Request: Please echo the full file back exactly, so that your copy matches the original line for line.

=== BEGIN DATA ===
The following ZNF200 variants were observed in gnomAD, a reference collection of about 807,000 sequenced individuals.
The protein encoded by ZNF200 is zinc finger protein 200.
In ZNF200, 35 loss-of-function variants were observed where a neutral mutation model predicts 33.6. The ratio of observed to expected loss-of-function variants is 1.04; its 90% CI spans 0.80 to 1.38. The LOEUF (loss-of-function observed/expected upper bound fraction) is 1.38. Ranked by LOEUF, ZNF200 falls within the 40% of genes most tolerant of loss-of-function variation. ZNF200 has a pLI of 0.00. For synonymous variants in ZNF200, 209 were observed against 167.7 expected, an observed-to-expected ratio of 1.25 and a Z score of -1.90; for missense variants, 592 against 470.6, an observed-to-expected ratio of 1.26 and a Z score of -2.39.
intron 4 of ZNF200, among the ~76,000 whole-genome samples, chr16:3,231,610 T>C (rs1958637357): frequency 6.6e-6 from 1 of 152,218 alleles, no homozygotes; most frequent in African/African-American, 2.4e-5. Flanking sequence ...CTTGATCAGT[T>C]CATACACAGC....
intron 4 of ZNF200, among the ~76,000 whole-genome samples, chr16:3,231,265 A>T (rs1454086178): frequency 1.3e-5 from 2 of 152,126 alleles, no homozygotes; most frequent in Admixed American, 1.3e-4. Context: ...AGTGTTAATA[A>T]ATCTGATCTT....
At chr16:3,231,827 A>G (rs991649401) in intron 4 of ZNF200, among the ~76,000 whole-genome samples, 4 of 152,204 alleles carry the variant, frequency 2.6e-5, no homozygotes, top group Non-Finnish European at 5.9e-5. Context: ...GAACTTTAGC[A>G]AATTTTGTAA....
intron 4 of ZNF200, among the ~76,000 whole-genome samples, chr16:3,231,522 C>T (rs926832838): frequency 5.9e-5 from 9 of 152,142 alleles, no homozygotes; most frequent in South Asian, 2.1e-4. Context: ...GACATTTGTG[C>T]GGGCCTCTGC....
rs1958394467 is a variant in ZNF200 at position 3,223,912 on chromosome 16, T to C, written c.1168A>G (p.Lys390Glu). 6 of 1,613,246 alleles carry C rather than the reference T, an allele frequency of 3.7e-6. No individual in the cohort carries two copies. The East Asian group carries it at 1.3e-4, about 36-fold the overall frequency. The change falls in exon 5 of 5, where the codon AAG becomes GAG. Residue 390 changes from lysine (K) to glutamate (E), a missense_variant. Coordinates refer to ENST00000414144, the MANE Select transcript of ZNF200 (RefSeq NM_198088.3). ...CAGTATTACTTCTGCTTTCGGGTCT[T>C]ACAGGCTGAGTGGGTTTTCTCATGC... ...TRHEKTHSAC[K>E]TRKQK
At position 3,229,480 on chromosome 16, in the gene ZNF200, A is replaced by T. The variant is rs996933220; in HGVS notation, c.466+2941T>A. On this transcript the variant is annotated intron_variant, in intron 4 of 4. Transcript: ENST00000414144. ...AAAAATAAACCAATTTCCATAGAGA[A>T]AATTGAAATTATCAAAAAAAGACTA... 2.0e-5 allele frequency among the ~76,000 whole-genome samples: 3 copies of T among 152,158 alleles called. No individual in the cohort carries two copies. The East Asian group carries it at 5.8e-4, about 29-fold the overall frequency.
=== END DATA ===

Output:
The following ZNF200 variants were observed in gnomAD, a reference collection of about 807,000 sequenced individuals.
The protein encoded by ZNF200 is zinc finger protein 200.
In ZNF200, 35 loss-of-function variants were observed where a neutral mutation model predicts 33.6. The ratio of observed to expected loss-of-function variants is 1.04; its 90% CI spans 0.80 to 1.38. The LOEUF (loss-of-function observed/expected upper bound fraction) is 1.38. Ranked by LOEUF, ZNF200 falls within the 40% of genes most tolerant of loss-of-function variation. ZNF200 has a pLI of 0.00. For synonymous variants in ZNF200, 209 were observed against 167.7 expected, an observed-to-expected ratio of 1.25 and a Z score of -1.90; for missense variants, 592 against 470.6, an observed-to-expected ratio of 1.26 and a Z score of -2.39.
intron 4 of ZNF200, among the ~76,000 whole-genome samples, chr16:3,231,610 T>C (rs1958637357): frequency 6.6e-6 from 1 of 152,218 alleles, no homozygotes; most frequent in African/African-American, 2.4e-5. Flanking sequence ...CTTGATCAGT[T>C]CATACACAGC....
intron 4 of ZNF200, among the ~76,000 whole-genome samples, chr16:3,231,265 A>T (rs1454086178): frequency 1.3e-5 from 2 of 152,126 alleles, no homozygotes; most frequent in Admixed American, 1.3e-4. Context: ...AGTGTTAATA[A>T]ATCTGATCTT....
At chr16:3,231,827 A>G (rs991649401) in intron 4 of ZNF200, among the ~76,000 whole-genome samples, 4 of 152,204 alleles carry the variant, frequency 2.6e-5, no homozygotes, top group Non-Finnish European at 5.9e-5. Context: ...GAACTTTAGC[A>G]AATTTTGTAA....
intron 4 of ZNF200, among the ~76,000 whole-genome samples, chr16:3,231,522 C>T (rs926832838): frequency 5.9e-5 from 9 of 152,142 alleles, no homozygotes; most frequent in South Asian, 2.1e-4. Context: ...GACATTTGTG[C>T]GGGCCTCTGC....
rs1958394467 is a variant in ZNF200 at position 3,223,912 on chromosome 16, T to C, written c.1168A>G (p.Lys390Glu). 6 of 1,613,246 alleles carry C rather than the reference T, an allele frequency of 3.7e-6. No individual in the cohort carries two copies. The East Asian group carries it at 1.3e-4, about 36-fold the overall frequency. The change falls in exon 5 of 5, where the codon AAG becomes GAG. Residue 390 changes from lysine (K) to glutamate (E), a missense_variant. Coordinates refer to ENST00000414144, the MANE Select transcript of ZNF200 (RefSeq NM_198088.3). ...CAGTATTACTTCTGCTTTCGGGTCT[T>C]ACAGGCTGAGTGGGTTTTCTCATGC... ...TRHEKTHSAC[K>E]TRKQK
At position 3,229,480 on chromosome 16, in the gene ZNF200, A is replaced by T. The variant is rs996933220; in HGVS notation, c.466+2941T>A. On this transcript the variant is annotated intron_variant, in intron 4 of 4. Transcript: ENST00000414144. ...AAAAATAAACCAATTTCCATAGAGA[A>T]AATTGAAATTATCAAAAAAAGACTA... 2.0e-5 allele frequency among the ~76,000 whole-genome samples: 3 copies of T among 152,158 alleles called. No individual in the cohort carries two copies. The East Asian group carries it at 5.8e-4, about 29-fold the overall frequency.